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Preserving Mycotoxin Biocontrol in the Face of Climate Change

By Dr. Suzanne Osborne

Climate change is a looming threat poised to drastically impact food safety. Elevated temperatures and rainfall fluctuations will increase fungal growth in crop fields, which has caused major food safety and security concerns. Several species of toxic fungi can produce mycotoxins. The consumption of mycotoxins through contaminated food can cause both acute (abdominal pain, vomiting) and chronic (kidney damage, liver cancer, death) health problems. It is estimated that 4.5 billion people are chronically exposed to mycotoxins with billions of dollars in economic loss.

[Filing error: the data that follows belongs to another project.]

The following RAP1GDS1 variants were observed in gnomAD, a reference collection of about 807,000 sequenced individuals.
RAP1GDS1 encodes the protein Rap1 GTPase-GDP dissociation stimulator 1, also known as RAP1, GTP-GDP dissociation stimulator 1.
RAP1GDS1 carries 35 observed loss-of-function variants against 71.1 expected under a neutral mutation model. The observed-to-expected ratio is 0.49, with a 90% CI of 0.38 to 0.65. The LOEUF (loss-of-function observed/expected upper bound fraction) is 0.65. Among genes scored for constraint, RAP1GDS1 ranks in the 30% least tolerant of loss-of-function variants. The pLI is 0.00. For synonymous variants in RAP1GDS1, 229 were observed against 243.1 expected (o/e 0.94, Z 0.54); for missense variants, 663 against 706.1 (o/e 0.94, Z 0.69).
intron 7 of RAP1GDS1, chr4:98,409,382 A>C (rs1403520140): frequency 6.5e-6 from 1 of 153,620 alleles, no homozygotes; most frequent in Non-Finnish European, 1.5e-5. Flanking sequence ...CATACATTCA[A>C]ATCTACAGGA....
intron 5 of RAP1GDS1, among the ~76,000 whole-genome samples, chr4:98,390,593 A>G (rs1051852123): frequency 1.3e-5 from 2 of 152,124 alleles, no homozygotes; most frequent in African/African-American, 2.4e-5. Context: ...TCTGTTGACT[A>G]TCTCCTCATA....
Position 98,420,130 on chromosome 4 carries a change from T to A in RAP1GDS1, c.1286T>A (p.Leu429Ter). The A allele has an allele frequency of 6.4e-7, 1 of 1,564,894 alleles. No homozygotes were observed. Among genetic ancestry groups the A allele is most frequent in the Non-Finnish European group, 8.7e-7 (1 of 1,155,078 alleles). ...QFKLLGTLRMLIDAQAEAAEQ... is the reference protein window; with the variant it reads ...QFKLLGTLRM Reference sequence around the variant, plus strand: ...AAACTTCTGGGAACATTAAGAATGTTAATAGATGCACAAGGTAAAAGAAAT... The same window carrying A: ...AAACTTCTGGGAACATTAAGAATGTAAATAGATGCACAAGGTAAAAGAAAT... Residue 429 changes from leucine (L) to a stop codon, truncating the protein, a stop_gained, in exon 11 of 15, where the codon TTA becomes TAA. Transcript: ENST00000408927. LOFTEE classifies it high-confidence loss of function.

Historically, mycotoxin contamination has been a major problem in tropical and sub-tropical regions where the climate favours fungal growth. The geographic distribution of toxigenic fungi will likely shift with changing climate conditions. In the past 15 years, Aflatoxin has emerged as a food safety risk in northern Italy and Eastern Europe; regions where it was previously uncommon. Environmental changes may also alter the quantity and types of mycotoxins produced.

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